There argument in all fairness, was that they were going to use this price to maintain the servers, as well as to not undercut the physical game. Which is actually fairly noble of them. Then Hubris struck!

One of the first things they did, was 'phase out' Leaping Lizards, and instead went to in house developers.

There is an entire history of mistakes and greivances about MTG online: but I will leave a few basics:

  • You own nothing on MTGO. It's in their terms of service. I could be banned until the next millenia, WotC couldn't keep me from playing with my cards. Most famous of this is none other then the Zack Jesse case, which since I'm avoiding politics, I won't get into.
  • It's system is buggy. Brian Kibler once lost a major event due to a crash glitch in the system.
  • It has come to no surprise, that WotC for sometime designed cards not on how well they play IRL, but how well they play (or to code) on MTGO. The most recent and famous incident is Assassin Trophy, which MaRo said they now design cards with 'opponent controls' so you don't accidentlly click your own card by mistake. Another one was a change on how a recently printed Planeswalker was printed named 'Teferi, Hero of Dominaria'. The word 'may' was added to his first ability, rendering any argument on drawback, simply because online (and arena) players wanted it.


However, despite all of this, Magic: the Gathering Online (MTGO) was and is extremely successful. Somehow, despite numerous crashes, long delays of lag, and several unofficial programs, Magic online was a huge success! Some could argue it was too successful.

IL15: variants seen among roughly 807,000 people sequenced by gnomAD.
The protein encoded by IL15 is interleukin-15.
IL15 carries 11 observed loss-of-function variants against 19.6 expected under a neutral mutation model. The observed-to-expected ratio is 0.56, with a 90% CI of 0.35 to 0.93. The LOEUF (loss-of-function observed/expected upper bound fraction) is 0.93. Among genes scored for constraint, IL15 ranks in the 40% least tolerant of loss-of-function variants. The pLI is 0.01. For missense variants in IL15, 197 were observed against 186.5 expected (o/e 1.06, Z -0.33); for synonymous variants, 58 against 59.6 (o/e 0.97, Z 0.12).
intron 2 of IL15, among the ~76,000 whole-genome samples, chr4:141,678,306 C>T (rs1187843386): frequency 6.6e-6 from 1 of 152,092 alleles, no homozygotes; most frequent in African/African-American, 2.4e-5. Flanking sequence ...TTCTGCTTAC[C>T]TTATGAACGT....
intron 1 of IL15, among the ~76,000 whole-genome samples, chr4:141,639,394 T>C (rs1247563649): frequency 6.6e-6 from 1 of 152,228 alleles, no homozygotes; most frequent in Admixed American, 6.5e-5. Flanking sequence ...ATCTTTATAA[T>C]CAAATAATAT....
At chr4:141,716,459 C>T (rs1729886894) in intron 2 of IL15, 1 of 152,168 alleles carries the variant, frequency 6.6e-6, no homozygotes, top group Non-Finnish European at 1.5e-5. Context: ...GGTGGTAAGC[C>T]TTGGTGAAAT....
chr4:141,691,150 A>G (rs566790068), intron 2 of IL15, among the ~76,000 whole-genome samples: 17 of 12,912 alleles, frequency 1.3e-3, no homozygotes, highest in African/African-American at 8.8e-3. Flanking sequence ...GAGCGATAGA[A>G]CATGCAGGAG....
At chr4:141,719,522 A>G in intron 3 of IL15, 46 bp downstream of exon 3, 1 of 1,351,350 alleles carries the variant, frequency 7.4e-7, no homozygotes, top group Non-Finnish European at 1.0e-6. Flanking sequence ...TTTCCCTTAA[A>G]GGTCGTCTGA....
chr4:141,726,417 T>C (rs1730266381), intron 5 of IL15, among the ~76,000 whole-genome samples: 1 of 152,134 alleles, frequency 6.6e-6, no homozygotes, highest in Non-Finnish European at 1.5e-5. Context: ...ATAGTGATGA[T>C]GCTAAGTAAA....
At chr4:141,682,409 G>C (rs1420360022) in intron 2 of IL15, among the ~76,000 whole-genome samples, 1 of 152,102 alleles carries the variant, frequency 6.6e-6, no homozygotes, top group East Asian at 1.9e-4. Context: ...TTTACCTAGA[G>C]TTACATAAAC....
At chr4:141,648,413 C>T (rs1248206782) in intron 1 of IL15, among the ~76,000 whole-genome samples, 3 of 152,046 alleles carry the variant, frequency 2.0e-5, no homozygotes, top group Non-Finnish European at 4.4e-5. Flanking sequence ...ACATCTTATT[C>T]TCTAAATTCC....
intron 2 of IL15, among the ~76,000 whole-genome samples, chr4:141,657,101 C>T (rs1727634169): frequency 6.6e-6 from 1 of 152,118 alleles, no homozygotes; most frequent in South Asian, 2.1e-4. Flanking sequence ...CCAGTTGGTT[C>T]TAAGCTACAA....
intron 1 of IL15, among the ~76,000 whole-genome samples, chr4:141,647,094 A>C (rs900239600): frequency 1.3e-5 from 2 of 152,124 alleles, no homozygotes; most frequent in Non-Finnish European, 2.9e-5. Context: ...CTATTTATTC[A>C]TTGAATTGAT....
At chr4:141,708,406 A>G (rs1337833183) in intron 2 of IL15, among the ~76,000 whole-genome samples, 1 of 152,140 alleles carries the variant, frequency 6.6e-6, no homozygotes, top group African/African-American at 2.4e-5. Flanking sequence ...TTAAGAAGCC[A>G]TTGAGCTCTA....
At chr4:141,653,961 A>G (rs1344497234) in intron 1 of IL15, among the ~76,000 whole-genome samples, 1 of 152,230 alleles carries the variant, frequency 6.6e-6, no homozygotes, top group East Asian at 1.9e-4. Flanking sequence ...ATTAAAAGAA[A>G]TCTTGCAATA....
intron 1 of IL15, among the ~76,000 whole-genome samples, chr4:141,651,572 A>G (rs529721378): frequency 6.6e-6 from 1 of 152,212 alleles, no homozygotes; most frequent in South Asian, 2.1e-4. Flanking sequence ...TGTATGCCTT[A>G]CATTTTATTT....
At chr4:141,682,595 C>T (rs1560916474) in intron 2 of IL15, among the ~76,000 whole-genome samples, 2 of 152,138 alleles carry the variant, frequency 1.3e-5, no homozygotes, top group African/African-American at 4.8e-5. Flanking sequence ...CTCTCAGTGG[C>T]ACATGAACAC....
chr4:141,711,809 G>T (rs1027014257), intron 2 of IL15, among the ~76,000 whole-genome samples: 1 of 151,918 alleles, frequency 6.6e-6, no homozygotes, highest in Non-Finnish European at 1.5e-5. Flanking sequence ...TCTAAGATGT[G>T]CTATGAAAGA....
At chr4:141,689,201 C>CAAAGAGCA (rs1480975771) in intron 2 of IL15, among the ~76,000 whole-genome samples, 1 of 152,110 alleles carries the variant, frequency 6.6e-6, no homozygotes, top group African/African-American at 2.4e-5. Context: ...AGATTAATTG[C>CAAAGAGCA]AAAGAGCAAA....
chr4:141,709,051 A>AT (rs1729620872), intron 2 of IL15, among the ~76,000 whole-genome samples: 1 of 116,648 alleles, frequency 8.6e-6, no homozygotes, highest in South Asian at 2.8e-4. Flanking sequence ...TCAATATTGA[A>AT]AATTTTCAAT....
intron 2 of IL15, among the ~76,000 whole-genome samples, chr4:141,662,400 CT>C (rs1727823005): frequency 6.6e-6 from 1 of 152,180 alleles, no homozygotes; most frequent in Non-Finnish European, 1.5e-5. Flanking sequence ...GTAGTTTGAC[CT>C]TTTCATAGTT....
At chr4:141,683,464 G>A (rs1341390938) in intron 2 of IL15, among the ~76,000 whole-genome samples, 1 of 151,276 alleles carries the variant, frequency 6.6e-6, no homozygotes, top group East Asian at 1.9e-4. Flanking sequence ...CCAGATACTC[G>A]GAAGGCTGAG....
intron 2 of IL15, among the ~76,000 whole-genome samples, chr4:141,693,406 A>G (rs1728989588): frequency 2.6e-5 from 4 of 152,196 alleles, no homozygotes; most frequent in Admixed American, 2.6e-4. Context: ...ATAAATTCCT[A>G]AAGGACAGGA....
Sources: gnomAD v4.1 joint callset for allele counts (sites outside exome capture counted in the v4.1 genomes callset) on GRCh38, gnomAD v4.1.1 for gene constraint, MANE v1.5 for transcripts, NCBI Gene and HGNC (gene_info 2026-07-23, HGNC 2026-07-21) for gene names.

This led into a number of other attempts at interactive Magic media.

The second most successful of these was a series of console games called 'Duels of the Planeswalkers'.

In it, you'd play against AI, win packs, and could soft customize decks to your preference. In addition, DLC Expansion packs allowed more cards and decks to be thrown into the fray. It even came with a mail in code to get one of three planeswalker promo cards. It was a success, so much so that the decks in the the 2009 version got real world counterparts, which could be bought at chain stores like Barnes and Nobles, as well as several sequals (2009, 2012, 2013, 2014, and 2015). This easy to pick up and play game made it perfect to access the basics of the game, and combined this with the recently announced modern format, made for an amazingly advertisement for the core game. The player based surged, LGS's were popping up all over the place. One local store owner who ran a business before this even said 'When  I opened I had two competitors, and one was a sports card store, now I have seven, how am I to compete?'. In risk of anidoctle evidence, I remember going to the Return to Ravnica pre-release. There wasn't even a place to sit for some. My store wasn't the only store like this in the area, and I imagine it was like that in other area's as well.

While Magic at this point was 20 years old, this, was a bubble, a fad, even a blessing, if WotC acknowledge it as such. However that might not be a wise move financially speaking.

At this time, WotC decided to go another route with this, a TBS game called Magic Tactics. Promo cards with codes for promo units came in packs (randomly), and while I downloaded the game, for one reason or another I couldn't play it. Being released in early 2011 (2012 for Steam), the game used digital assets for content, once again costing real world money. In just three years, the game was closed, on March 28 2014.

Here it is, so it may never be memory holed.